One of the most important messages a parent can share
Having been an emergency medicine physician for 30 years, I have seen hundreds of adolescents come to our door as a result of traffic accidents. In the past five years, the biggest factor contributing to those accidents has been distracted driving – especially texting while driving. We have even seen a 13-year-old girl die from her injuries while texting and walking. She dropped her phone and was so distracted when she reached down to retrieve it, she was hit by a car.
While new technology has made life simpler for all of us, it is also occupying much of our attention. That’s particularly true of young people. Next time you see a teen, note they are probably looking at something on their phone. As a physician, I feel a responsibility to talk to parents about what we see in the Emergency Department. Teaching your teens how to drive might be one of the most important things a parent can do.
Consider these statistics from the US Department of Transportation: ten percent of all fatal crashes in 2013 were reported as distraction-affected crashes. Ten percent of all drivers 15 to 19 years old involved in fatal crashes were reported as distracted at the time of the accident. The numbers are startling.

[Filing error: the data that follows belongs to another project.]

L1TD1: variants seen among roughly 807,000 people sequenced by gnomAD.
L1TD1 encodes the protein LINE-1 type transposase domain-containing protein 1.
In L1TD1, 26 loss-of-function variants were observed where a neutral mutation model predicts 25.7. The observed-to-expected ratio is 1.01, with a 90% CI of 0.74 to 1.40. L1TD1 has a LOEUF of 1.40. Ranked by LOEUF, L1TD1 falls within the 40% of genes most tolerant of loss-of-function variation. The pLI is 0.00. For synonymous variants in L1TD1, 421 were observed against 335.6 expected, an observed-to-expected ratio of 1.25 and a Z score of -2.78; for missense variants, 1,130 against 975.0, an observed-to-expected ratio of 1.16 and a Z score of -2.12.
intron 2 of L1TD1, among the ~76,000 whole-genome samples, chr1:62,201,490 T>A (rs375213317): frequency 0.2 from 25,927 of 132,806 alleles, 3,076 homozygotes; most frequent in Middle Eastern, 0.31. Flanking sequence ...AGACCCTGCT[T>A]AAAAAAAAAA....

These numbers are probably low, as these young people, injured in traffic accidents, are often hesitant to admit they were on the phone. But many times they do. It’s become all too common—far too common for me to stay silent.
It has reminded me how important it is for parents to:
- Reinforce safe driving habits with teens.
- Remember that practice makes perfect. Make sure your teen has spent enough time behind the wheel to take it alone. Let them get plenty of experience with you in the car, both during the day and especially at night.
- Reinforce the importance of a seat belt. Driving with a seat belt must be mandatory!
- Warn against driving under the influence or while too tired to maintain control.
- Remind teens to limit all distractions in the car so that the driver has his or her full attention on the road.
- Tell them to put down that cell phone while driving—no texting and no talking.
By the way, the best thing a parent can do to make sure your teen is listening? Model these behaviors yourself. Remember – your teen is watching.
About the Author
Dr. Charles Nozicka is a pediatric emergency medicine physician at Advocate Children's Hospital in Park Ridge, Ill.